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things learnt while coding on pyshapelib

March 22nd, 2007

The last couple of weeks I’ve mostly been coding on pyshapelib, that’s a small Python wrapper around shapelib, a C++ library to read ESRI shapefiles. It is originally written by Bernhard Herzog and is now maintained as part of Thuban, an open source interactive geographic data viewer. My contribution to pyshapelib is rewriting it to use hand-crafted Python bindings instead of SWIG generated ones, to support shapefiles with height (Z) or measurement (M) information, and to have better support for Unicode strings.

Until now it’s been quite interesting. I’ve learnt some new things about writing Python extension modules, for example that METH_VARARGS functions do not take keyword arguments (something we assumed otherwise in the Lass Python API =) (update: it seems we’ve gotten that right after all). But the best surprise was this one:

mixing msvcr71.dll and msvcr80.dll can be really inauspicious

I’m not yet sure what exactly is going on, but when I tried to import my freshly built wxproj (part of Thuban) in Python, LoadLibraryEx in dynload_win.c failed resulting in a nice error message in the style of …

    from wxproj import point_in_polygon_shape, shape_centroid
ImportError: DLL load failed: A dynamic link library (DLL) 
initialization routine failed.

… and a nice message box:

R6034 An application has made an attempt to load the C runtime library incorrectly. Please contact the application's support team for more information

It’s always nice to get the advice to contact yourself for more information, it’s so helpful =)

Opening wxproj.pyd in Dependency Walker revealed that wxproj.pyd was dependent on both msvcr71.dll (through wxmsw26uh_vc.dll of wxPython 2.6) and msvcr80.dll (through proj.dll of PROJ.4). wxmsw26uh_vc.dll came straight out of an installer, but proj.dll I have compiled myself.

From there, it was easy guess work. I replaced proj.dll with a version compiled with VC7.1, and the problems mysteriously vanished.

Thing learnt: when building Thuban yourself, strictly use DLLs built with VC7.1 =)

It still makes me wonder though. I’ve compiled extension modules with VC8 before, and I’ve never encountered this problem before. And yet, they all must have been indirectly dependent on msvcr71.dll through python24.dll (Python 2.4 is compiled with VC7.1). So why is it complaining in wxproj‘s case only?

Perhaps to be continued …

update: (04/04/2007) The error was caused by a missing manifest in proj.dll. The issue is finally resolved by changing the to embed the manifest, as following:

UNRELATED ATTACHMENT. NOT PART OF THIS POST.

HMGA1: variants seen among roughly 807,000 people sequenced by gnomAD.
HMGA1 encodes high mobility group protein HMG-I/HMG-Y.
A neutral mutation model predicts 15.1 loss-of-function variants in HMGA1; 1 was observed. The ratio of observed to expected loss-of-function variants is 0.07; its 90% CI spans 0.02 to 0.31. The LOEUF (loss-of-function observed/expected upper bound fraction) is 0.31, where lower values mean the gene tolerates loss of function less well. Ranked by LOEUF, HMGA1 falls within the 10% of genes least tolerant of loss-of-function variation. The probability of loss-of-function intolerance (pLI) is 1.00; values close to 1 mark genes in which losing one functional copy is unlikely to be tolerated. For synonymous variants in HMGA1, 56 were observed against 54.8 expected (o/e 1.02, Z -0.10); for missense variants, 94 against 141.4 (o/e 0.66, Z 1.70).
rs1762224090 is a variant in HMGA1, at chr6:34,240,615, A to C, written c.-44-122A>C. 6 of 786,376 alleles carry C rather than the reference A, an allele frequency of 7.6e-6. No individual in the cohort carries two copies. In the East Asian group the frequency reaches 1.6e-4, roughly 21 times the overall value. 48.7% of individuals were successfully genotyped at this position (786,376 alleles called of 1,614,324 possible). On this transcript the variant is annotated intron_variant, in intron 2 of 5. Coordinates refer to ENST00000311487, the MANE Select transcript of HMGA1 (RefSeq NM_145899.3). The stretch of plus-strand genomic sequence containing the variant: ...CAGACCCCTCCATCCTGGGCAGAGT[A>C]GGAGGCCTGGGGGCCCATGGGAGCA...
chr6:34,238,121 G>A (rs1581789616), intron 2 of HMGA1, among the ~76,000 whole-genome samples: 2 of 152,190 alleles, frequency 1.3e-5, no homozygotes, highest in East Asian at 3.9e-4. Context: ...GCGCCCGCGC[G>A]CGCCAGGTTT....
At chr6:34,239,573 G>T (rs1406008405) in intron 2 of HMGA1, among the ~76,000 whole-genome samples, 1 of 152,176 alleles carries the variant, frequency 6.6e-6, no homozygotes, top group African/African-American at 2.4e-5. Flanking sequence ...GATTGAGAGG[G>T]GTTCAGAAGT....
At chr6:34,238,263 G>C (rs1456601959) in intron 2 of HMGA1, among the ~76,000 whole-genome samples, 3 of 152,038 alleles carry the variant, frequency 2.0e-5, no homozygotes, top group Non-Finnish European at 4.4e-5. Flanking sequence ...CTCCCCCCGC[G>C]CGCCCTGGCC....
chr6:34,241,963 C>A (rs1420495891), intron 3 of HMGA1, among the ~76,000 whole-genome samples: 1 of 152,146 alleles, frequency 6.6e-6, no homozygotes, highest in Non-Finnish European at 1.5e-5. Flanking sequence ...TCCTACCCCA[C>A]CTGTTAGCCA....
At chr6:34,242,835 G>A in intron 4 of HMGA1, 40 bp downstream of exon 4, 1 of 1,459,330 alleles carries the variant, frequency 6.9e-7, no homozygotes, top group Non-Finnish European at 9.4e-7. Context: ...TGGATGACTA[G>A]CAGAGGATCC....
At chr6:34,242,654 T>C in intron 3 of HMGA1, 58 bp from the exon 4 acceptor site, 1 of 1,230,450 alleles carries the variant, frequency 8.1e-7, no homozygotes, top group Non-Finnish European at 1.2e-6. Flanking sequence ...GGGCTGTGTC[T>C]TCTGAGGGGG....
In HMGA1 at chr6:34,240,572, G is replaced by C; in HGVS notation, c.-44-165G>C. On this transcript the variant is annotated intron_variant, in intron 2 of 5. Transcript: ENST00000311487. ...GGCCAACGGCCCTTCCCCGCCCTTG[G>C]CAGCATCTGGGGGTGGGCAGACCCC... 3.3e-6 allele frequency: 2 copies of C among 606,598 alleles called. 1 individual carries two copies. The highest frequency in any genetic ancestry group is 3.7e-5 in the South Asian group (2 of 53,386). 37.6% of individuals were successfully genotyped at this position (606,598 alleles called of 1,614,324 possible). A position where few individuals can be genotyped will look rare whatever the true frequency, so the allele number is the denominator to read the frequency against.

proj_i.lib:     $(LIBOBJ)
    link /debug /dll /def:proj.def /out:$(PROJ_DLL) \\
        /implib:proj_i.lib $(LIBOBJ)
    if exist $(PROJ_DLL).manifest mt.exe -manifest \\
        $(PROJ_DLL).manifest -outputresource:$(PROJ_DLL);2

A ticket has been submitted to PROJ.4’s BugZilla.

4 Responses to “things learnt while coding on pyshapelib”

  1. Tom Says:

    Hi Bramz, welcome to SxS, Isolation and Manifest HELL :) The error you see is that you tried to load a dll without using a proper manifest. Anyway it is always a bad idea to mix runtime versions with each other but sometimes this is unavoidable.


  2. Bramz Says:

    Hi Tom,

    It took me quite some time to respond =) I already suspected it has to do with a missing manifest. I had a related problem with Bass last week, and my diggings on MSDN put me on trail of it. Of course, a search for R6034 on MSDN also helps =).

    Anyway, I’ve found this MSDN page on how to embed a manifest using makefiles, which I tried for the proj.dll library. I believe I was successful in embedding it, but it didn’t help. I still get the same error.

    What I really would like to have is a way to check if a DLL has its manifest embedded, because now I kind of staggering in the dark about what DLL is actually causing the troubles.

  3. Bramz Says:

    OK, the fact that the DLL-with-the-supposedly-embedded-manifest had exactly the same size as the one without should have rung a bell =)

    Apparently, you can use VS2005 to peek inside an EXE or DLL to see its resources. You simply open the binary like a regular file, and you get a list of the resources. If there’s one named RT_MANIFEST, then you’re lucky =)

    So, I finally managed to build proj.dll with an embedded manifest, and now the error has disappeared.

    PS: Python’s distutils seems to build the extension modules withouot embedded manifest … to be continued.

  4. Homer Says:

    Dude, thanks so much for keeping this thread up! I found your website while researching exactly the same problem. I have been chasing it for a day and a half. I tried a whole range of hair-brained suggestions without any success before I tried yours =)

    I’m writing an application using wxWidgets and wxMathPlot and couldn’t get it to run on any computer other than my own. Turning on the “Embed Manifest” option in my VC 2005 project’s references (Configuration Properties->Manifest Tool) did the trick.